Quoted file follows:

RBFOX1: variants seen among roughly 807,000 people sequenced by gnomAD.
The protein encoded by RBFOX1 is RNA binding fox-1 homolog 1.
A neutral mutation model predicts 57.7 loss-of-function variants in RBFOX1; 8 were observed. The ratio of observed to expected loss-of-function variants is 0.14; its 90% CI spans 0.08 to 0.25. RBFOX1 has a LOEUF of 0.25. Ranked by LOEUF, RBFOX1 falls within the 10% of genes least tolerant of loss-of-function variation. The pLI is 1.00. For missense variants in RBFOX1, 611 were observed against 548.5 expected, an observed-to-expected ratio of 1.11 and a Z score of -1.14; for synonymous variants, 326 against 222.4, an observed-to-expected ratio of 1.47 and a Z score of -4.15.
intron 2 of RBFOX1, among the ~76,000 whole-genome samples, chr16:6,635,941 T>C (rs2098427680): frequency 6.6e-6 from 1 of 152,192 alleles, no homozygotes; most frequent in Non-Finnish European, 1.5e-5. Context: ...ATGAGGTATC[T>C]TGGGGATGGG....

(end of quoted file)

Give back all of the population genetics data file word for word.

RBFOX1: variants seen among roughly 807,000 people sequenced by gnomAD.
The protein encoded by RBFOX1 is RNA binding fox-1 homolog 1.
A neutral mutation model predicts 57.7 loss-of-function variants in RBFOX1; 8 were observed. The ratio of observed to expected loss-of-function variants is 0.14; its 90% CI spans 0.08 to 0.25. RBFOX1 has a LOEUF of 0.25. Ranked by LOEUF, RBFOX1 falls within the 10% of genes least tolerant of loss-of-function variation. The pLI is 1.00. For missense variants in RBFOX1, 611 were observed against 548.5 expected, an observed-to-expected ratio of 1.11 and a Z score of -1.14; for synonymous variants, 326 against 222.4, an observed-to-expected ratio of 1.47 and a Z score of -4.15.
intron 2 of RBFOX1, among the ~76,000 whole-genome samples, chr16:6,635,941 T>C (rs2098427680): frequency 6.6e-6 from 1 of 152,192 alleles, no homozygotes; most frequent in Non-Finnish European, 1.5e-5. Context: ...ATGAGGTATC[T>C]TGGGGATGGG....